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location:Chernyshevska St., Kharkiv, Ukraine
function:apartment building with offices and shops
area:2 110 m2
status:built (2007 - 2010)
photo:Andrey Avdeenko
team:Iryna Goydenko, Oleg Drozdov, Oleksandr Pominchuk

This part of the city has a peculiar middle-rise scale formed in the early twentieth century. The parcel of our small plot was just in keeping with the general land use patterns in the neighbourhood.




The building itself was a little higher than the existing scale. This gave us an idea to introduce a two-part composition, which consists of the main volume and the “superstructure/extension”, retracted from the red line. The main brick volume is followed by the “wooden” layer. Old bricks taken from the demolished building in the neighbouring street formed a substrate material for our project. Interestingly, those old bricks were just enough for the main brick volume in the new building. In this way the new building passes on historical “flesh” and cultural code.



Interior layout solutions are simple and sensible. There are only seven apartments, a small office and a few shops in the building. We believe that with such a small number of users, they will be able to establish sustainable neighbourly relations among themselves. Unfortunately, small-scale residential houses like this are not very popular with modern developers.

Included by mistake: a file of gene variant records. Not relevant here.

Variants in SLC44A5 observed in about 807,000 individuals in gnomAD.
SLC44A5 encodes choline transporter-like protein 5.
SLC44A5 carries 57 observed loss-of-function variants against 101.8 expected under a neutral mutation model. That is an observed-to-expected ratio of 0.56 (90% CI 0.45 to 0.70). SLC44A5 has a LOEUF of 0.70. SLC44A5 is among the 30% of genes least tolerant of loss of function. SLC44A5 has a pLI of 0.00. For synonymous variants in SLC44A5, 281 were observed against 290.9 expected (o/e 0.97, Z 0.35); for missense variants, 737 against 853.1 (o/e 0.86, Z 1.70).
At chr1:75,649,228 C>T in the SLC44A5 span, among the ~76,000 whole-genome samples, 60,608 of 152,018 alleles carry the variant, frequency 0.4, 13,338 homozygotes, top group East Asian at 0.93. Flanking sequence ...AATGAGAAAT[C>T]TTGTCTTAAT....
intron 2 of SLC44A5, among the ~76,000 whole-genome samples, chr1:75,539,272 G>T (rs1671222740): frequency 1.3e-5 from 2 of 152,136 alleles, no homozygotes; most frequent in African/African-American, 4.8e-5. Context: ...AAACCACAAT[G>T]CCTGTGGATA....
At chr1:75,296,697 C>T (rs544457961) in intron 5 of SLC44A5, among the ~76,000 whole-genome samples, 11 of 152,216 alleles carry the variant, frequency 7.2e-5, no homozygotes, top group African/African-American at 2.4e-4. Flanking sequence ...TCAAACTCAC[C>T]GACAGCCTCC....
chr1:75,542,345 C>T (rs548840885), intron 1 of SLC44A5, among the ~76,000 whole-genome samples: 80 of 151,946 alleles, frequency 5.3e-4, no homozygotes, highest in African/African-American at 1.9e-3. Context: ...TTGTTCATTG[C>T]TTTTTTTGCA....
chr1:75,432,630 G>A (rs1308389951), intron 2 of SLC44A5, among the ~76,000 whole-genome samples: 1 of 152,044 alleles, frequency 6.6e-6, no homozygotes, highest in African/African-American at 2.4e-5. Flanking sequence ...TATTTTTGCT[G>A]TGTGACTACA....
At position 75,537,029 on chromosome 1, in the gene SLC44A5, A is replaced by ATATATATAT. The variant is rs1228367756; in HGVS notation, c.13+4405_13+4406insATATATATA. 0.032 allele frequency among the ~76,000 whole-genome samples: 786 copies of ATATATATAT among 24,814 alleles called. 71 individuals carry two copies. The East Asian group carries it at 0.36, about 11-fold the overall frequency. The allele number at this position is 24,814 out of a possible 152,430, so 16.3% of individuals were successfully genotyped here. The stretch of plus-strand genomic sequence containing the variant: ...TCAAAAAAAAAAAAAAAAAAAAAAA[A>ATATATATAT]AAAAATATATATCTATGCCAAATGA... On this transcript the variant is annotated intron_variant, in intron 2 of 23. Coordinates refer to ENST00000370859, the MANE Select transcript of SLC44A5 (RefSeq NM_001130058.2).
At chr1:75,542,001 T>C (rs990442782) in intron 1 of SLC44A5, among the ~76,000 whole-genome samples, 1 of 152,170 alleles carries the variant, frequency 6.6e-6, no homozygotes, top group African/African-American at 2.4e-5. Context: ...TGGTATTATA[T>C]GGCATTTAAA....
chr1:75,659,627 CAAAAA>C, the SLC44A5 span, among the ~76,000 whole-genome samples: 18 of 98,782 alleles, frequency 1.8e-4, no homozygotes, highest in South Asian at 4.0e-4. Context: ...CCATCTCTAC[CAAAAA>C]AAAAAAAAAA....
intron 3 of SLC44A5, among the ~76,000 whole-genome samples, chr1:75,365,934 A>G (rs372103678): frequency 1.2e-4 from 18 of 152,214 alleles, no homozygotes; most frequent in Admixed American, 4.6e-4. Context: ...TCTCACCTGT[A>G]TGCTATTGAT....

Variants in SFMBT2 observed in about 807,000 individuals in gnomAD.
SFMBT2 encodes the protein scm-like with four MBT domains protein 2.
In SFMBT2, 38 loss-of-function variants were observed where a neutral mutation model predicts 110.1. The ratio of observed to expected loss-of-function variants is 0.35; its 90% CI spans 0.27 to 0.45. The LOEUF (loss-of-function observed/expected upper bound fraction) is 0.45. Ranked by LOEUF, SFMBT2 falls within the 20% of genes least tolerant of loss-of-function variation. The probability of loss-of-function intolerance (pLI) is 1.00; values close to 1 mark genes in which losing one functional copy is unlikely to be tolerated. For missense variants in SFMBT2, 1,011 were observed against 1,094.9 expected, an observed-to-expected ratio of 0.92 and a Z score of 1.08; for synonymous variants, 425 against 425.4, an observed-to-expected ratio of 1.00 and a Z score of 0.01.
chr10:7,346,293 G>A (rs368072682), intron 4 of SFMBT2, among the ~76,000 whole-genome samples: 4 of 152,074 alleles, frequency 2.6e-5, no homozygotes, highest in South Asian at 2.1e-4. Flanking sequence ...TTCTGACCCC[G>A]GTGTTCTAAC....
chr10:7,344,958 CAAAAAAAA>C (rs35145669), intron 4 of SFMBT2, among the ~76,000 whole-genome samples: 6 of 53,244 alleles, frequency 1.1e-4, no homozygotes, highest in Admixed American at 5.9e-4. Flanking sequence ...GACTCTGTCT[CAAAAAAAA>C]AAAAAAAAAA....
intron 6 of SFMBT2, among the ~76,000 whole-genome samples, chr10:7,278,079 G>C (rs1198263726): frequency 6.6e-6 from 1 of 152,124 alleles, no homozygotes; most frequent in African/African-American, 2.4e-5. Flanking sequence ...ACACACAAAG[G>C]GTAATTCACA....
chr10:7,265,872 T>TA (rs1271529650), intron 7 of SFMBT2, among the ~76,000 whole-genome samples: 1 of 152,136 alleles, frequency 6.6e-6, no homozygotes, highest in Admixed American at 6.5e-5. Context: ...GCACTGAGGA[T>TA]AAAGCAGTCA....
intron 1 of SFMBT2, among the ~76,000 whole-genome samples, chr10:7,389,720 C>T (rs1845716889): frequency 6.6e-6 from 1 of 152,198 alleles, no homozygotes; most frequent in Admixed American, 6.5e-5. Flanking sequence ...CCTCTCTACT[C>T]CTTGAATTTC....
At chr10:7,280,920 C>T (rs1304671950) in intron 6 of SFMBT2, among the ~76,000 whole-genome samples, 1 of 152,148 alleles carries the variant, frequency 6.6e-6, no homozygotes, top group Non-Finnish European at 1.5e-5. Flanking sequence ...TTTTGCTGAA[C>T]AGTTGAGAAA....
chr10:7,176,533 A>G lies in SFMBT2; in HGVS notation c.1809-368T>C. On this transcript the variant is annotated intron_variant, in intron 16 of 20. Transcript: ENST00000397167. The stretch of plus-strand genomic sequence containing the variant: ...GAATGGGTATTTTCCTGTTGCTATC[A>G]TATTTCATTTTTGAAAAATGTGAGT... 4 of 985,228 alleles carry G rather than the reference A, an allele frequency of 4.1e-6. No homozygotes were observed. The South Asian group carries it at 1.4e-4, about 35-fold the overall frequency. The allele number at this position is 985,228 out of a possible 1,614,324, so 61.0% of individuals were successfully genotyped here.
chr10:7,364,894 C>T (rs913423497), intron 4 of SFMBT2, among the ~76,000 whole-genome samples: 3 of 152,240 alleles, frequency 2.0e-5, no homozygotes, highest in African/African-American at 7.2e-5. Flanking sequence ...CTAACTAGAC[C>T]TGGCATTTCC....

ground floor
1. hall of the residential part
2. hall of the office part
3. hall of shop 1
4. shop 2
5. staff room
6. storage


typical floor


Brick, TRESPA “wooden” panels and enameled glass refer to traditional architectural lexicon of Kharkiv, such as wooden verandahs and extensions, wrought details. Compositional structure and details have made it possible for the house to merge with the surrounding in such an inconspicuous way that it took citizens some time to become aware of the newly-erected building. Moreover, we managed to establish an interesting dialogue with the much older adjacent building, which shares a lot with the new one, but still has its own distinctive features. The project illustrates “cultural retrofitting” which might become a founding principle for zoning, stipulating the percentage of old and new materials to be used in construction.